UB's Distinguished Speaker Series: Malcolm Gladwell
Malcolm Gladwell has an incomparable gift for interpreting new ideas in the social sciences and making them understandable, practical and valuable to business and general audiences alike.
He's become so successful at this that, in 2005, TIME Magazine named Malcolm one of its "100 Most Influential People." He was chosen for Foreign Policy's "Top 100 Global Thinkers" 2010 and 2009 list, and is ranked number ten on "The Thinkers 50" 2011. And Newsweek chose him for the "Top 10 New Thought Leaders of the Decade."
His first two books, both New York Times #1 best sellers, were The Tipping Point and Blink. With his first book Malcolm embedded the concept of "The Tipping Point" in our every-day vocabulary and gave organizations new tools for understanding how trends work. This 2013 UB Reads selection describes that magic moment when an idea, trend or social behavior crosses a threshold, tips, and spreads like wildfire.
In Blink he analyzed first impressions — the snap judgments that we all make unconsciously and instinctively — and he explores how we can master this important aspect of successful decision-making.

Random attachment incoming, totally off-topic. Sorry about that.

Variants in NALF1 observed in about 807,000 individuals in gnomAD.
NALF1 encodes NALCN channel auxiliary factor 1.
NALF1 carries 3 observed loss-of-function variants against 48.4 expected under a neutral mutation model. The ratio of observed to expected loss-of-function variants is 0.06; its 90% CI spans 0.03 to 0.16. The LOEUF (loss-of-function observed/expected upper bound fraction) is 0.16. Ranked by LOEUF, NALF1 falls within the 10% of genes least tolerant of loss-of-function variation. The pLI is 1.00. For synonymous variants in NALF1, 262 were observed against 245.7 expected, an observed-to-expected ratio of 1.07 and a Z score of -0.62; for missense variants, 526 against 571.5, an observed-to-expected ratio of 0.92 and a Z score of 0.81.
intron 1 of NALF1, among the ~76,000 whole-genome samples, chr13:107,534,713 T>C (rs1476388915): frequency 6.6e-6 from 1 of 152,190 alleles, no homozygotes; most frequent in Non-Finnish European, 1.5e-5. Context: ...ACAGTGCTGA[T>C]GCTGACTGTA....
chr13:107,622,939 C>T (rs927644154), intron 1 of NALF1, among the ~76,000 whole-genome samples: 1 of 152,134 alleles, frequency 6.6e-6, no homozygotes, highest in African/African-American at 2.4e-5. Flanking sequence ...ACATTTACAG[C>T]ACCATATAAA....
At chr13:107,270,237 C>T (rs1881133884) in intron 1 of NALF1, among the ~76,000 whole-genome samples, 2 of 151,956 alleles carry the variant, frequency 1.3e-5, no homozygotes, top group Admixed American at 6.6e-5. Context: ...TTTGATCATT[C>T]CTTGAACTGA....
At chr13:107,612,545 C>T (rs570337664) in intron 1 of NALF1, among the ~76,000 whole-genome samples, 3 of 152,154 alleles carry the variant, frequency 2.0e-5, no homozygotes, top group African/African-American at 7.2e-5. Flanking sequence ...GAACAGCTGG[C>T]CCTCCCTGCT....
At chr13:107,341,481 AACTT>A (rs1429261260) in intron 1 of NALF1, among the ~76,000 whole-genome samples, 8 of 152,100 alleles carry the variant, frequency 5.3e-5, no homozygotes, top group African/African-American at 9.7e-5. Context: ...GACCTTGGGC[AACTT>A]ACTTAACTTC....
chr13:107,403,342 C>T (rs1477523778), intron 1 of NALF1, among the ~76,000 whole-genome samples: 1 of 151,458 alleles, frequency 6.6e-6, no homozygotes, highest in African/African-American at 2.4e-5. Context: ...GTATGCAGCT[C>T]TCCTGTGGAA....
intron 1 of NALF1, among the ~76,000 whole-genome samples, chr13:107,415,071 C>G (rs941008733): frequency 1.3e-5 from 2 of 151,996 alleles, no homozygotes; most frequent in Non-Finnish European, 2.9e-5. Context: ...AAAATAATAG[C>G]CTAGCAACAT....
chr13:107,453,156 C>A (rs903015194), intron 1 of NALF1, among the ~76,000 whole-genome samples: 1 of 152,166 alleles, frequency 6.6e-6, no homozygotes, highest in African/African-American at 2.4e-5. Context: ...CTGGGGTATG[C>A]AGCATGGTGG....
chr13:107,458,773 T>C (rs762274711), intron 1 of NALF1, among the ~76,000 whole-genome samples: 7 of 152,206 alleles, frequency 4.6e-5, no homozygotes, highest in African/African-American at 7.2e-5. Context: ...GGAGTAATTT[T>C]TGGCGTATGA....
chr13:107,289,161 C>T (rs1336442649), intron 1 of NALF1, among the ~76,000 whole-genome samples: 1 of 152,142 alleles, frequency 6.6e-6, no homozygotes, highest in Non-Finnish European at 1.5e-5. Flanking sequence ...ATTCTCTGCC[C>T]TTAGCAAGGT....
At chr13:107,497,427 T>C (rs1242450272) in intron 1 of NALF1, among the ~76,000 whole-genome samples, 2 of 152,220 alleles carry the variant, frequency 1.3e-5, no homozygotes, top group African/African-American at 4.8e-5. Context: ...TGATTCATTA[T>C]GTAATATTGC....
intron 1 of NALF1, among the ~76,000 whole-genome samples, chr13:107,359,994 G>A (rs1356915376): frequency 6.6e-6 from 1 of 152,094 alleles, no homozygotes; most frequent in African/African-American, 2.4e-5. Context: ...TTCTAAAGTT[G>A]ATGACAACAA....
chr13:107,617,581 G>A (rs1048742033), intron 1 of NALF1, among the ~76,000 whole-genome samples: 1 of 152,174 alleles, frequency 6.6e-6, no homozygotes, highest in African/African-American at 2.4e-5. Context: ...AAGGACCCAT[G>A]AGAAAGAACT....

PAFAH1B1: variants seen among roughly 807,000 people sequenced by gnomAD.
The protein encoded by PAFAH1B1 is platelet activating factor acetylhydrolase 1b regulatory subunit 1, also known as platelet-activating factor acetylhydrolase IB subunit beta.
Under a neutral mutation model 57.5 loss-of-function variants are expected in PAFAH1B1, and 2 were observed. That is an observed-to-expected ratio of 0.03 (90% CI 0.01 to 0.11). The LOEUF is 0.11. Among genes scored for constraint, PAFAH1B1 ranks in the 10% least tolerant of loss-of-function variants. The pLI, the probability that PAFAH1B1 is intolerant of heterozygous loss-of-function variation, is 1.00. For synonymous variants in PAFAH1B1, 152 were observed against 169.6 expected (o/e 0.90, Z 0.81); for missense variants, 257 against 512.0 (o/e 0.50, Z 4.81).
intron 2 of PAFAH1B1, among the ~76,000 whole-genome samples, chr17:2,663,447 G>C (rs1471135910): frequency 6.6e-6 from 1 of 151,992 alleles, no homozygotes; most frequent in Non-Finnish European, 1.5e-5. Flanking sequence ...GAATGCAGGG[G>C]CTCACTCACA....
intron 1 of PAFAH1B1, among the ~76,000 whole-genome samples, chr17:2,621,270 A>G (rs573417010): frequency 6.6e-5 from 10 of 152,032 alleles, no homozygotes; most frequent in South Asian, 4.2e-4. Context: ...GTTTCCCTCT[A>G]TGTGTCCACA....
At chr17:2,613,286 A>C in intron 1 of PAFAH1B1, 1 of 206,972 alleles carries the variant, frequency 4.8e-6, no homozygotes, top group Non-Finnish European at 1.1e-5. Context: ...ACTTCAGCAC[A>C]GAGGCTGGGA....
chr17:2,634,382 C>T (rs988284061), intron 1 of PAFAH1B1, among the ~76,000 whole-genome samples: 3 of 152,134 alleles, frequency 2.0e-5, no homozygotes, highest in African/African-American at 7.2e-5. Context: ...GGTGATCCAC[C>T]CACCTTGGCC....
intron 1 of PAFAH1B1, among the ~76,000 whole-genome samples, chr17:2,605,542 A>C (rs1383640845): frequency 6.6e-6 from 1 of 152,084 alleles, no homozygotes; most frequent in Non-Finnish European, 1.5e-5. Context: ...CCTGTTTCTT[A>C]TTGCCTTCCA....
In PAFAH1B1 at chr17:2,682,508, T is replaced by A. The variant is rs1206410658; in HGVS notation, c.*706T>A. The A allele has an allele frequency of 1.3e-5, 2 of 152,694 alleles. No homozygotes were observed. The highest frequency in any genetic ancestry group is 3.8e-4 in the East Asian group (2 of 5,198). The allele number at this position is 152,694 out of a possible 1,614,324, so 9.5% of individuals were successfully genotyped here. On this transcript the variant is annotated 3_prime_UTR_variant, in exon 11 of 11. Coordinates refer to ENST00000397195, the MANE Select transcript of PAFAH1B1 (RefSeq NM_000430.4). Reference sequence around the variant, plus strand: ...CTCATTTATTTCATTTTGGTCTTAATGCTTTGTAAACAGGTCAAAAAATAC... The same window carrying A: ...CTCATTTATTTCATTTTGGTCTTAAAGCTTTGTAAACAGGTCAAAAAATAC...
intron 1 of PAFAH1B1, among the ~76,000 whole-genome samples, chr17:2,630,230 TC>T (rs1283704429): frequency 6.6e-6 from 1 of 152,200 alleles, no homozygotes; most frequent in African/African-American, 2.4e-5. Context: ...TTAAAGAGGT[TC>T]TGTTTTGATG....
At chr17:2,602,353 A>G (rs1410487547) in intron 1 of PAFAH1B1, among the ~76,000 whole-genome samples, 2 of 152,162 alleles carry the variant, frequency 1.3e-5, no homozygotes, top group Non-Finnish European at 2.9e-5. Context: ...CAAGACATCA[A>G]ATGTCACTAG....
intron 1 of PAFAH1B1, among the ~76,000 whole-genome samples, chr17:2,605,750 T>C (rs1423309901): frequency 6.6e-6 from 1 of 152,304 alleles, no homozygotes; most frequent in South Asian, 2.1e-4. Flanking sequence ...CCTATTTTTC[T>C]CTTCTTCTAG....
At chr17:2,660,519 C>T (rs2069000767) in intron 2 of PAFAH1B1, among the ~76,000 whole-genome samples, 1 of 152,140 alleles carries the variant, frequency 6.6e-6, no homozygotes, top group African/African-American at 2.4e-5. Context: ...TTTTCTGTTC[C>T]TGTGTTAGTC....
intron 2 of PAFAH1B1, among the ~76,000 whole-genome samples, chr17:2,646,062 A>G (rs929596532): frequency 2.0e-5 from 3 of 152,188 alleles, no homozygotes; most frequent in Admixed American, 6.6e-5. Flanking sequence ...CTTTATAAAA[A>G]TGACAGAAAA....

In Outliers, Gladwell suggests an exciting new approach to helping people succeed by using the factors that really foster success. Outliers debuted as a #1 best seller for The New York Times, The Wall Street Journal, The San Francisco Chronicle, Barnes & Noble, and Publisher's Weekly.
Gladwell's October 2013 book, David and Goliath, will be a topic of his upcoming lecture at UB and it explores the concept of the underdog. Gladwell uncovers the hidden rules that shape the balance between the weak and the mighty, the powerful and the dispossessed. He examines the battlefields of Northern Ireland and Vietnam, takes us into the minds of cancer researchers and civil rights leaders, and digs into the dynamics of successful and unsuccessful classrooms–all in an attempt to demonstrate how fundamentally we misunderstand the true meaning of advantages and disadvantages. When is a traumatic childhood a good thing? When does a disability leave someone better off? Do you really want your child to go to the best school he or she can get into? Why are the childhoods of people at the top of one profession after another marked by deprivation and struggle?
Malcolm is a staff writer for The New Yorker magazine. His editor describes his work as a new genre of story, an idea-driven narrative that's focused on the everyday and combines research with material that's more personal, social and historical. Gladwell put together a collection of his best writing for his best-selling fourth book, What the Dog Saw. He was previously a reporter for The Washington Post.
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- When: 8 p.m.
- Start: 13 November 2013
- End: 13 November 2013 23:59